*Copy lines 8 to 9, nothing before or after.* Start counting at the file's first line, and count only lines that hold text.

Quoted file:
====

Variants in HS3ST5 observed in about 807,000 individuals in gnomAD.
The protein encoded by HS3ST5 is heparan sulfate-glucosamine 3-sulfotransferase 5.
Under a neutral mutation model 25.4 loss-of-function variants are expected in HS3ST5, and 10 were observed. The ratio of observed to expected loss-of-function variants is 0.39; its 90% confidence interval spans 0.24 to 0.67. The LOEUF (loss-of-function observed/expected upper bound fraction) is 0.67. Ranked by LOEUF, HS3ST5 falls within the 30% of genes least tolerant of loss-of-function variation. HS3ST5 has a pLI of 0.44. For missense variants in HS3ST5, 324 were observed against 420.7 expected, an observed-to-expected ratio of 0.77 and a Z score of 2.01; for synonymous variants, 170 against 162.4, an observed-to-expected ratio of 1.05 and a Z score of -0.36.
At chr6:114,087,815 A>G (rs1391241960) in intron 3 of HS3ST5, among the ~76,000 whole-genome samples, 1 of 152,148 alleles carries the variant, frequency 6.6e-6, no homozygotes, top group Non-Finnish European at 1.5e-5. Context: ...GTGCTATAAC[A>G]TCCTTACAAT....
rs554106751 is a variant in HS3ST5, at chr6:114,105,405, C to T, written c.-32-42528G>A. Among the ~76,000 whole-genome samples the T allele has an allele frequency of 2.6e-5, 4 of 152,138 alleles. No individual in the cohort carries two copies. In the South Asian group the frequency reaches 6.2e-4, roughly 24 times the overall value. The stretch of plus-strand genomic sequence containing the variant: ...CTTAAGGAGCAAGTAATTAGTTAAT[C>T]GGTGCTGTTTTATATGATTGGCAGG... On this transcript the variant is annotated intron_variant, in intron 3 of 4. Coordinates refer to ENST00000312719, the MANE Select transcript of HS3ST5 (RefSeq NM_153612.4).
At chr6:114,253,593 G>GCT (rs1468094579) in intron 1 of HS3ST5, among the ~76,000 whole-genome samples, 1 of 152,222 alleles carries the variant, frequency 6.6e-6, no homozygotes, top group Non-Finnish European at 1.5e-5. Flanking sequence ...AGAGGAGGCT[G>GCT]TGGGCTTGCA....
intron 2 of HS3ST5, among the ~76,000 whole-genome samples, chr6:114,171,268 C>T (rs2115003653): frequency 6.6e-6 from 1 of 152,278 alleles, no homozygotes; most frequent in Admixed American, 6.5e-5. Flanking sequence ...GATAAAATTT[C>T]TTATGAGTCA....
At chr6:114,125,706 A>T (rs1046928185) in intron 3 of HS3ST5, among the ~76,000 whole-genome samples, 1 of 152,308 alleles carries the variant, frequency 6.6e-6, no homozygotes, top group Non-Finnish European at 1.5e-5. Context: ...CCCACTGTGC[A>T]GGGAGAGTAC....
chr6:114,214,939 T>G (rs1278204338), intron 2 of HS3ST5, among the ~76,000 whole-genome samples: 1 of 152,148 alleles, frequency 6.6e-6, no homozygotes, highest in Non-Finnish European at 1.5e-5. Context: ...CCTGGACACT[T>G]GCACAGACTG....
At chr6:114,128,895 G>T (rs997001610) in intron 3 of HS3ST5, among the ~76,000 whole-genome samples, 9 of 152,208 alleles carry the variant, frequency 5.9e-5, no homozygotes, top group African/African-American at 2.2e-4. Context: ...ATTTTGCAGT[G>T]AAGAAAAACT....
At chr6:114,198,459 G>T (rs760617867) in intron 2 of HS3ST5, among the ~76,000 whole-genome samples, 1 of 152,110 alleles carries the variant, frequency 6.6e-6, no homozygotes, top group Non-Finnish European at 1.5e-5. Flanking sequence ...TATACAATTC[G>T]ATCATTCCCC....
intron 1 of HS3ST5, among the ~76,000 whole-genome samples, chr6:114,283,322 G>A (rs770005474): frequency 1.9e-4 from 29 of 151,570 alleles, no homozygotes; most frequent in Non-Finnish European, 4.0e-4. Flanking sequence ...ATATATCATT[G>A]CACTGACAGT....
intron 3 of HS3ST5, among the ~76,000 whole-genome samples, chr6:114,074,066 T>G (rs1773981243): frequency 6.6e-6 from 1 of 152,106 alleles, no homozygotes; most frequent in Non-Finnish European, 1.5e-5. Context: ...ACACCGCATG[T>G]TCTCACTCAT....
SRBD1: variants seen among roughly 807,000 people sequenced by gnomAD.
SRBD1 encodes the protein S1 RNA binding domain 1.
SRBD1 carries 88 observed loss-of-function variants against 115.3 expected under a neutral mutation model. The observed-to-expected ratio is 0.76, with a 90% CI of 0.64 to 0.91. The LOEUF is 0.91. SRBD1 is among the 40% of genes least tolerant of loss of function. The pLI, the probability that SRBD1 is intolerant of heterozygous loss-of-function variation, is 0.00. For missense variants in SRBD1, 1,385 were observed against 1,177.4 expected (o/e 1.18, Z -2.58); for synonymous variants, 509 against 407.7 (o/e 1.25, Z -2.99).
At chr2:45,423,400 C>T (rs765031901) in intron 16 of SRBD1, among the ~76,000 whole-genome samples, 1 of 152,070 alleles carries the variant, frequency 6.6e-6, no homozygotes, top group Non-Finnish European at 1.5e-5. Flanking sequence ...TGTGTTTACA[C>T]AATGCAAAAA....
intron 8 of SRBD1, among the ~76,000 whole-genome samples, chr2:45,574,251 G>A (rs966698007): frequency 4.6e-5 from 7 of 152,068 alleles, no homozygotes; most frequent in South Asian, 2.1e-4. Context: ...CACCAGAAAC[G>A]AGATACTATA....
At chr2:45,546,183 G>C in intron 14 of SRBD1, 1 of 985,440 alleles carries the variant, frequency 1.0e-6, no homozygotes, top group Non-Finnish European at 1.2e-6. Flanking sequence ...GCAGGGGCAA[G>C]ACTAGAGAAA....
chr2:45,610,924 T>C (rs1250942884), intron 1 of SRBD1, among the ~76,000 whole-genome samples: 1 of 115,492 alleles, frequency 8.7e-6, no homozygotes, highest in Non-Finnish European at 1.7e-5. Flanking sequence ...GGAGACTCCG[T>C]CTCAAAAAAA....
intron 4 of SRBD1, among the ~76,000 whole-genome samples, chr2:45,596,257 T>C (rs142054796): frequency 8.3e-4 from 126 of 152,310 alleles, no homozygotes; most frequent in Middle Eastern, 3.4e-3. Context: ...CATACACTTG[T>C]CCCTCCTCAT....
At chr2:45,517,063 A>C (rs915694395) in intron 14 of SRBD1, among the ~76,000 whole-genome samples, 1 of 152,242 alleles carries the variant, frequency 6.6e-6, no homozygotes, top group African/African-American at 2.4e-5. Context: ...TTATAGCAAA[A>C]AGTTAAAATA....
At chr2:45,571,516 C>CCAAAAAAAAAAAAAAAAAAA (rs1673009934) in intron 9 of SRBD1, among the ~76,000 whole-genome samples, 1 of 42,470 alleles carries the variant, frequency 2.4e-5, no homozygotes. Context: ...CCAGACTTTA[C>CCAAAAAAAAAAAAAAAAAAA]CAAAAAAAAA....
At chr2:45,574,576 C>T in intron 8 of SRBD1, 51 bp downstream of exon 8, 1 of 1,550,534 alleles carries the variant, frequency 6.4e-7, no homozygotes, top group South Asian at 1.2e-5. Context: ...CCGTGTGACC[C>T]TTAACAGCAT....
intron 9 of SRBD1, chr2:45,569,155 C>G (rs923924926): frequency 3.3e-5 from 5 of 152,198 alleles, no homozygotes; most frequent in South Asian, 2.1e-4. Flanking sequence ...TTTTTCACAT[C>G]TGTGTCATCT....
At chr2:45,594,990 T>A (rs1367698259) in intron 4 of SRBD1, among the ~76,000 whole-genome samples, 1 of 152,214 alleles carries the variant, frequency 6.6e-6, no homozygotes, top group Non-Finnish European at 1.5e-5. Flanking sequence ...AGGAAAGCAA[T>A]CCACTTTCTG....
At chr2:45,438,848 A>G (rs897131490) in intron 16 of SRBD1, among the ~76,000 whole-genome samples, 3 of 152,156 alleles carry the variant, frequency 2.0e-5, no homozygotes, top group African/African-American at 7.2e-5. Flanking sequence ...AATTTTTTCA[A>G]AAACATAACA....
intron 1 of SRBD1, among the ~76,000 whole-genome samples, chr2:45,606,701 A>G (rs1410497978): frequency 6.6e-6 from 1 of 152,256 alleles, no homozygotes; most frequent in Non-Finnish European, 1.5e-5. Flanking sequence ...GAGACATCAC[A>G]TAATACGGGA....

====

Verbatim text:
At chr6:114,125,706 A>T (rs1046928185) in intron 3 of HS3ST5, among the ~76,000 whole-genome samples, 1 of 152,308 alleles carries the variant, frequency 6.6e-6, no homozygotes, top group Non-Finnish European at 1.5e-5. Context: ...CCCACTGTGC[A>T]GGGAGAGTAC....
chr6:114,214,939 T>G (rs1278204338), intron 2 of HS3ST5, among the ~76,000 whole-genome samples: 1 of 152,148 alleles, frequency 6.6e-6, no homozygotes, highest in Non-Finnish European at 1.5e-5. Context: ...CCTGGACACT[T>G]GCACAGACTG....